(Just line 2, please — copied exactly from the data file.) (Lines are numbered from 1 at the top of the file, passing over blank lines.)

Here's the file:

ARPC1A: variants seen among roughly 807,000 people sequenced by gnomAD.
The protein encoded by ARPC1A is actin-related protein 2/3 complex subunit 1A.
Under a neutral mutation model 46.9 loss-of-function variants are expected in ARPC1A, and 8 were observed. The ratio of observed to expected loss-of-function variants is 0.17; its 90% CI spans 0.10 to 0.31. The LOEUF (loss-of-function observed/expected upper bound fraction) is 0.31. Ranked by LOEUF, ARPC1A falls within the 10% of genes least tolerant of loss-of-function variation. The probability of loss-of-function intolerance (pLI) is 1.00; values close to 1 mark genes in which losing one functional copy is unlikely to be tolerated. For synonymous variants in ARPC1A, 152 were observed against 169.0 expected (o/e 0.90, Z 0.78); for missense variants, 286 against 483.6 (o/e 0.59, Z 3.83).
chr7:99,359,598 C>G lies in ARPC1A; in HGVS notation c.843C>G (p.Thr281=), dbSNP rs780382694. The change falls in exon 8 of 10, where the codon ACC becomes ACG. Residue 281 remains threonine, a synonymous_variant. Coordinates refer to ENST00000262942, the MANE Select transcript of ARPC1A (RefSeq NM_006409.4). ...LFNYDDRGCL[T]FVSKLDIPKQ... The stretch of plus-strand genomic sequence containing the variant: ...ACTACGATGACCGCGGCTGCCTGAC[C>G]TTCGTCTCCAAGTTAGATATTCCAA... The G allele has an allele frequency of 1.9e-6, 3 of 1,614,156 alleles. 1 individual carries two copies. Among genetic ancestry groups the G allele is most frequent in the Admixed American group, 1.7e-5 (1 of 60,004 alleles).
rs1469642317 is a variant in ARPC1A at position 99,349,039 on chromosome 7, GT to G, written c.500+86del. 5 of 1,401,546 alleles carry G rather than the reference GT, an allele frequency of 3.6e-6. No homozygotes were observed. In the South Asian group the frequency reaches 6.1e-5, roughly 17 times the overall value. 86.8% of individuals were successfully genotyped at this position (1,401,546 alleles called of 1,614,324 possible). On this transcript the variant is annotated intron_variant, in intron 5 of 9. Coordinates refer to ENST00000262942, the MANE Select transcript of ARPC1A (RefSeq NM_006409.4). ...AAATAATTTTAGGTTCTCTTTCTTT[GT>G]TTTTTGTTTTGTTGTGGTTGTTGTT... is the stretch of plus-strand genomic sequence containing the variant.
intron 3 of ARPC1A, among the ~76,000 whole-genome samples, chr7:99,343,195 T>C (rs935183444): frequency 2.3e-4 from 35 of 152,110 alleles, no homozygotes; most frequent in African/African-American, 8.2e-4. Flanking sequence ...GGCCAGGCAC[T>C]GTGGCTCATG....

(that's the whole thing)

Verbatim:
The protein encoded by ARPC1A is actin-related protein 2/3 complex subunit 1A.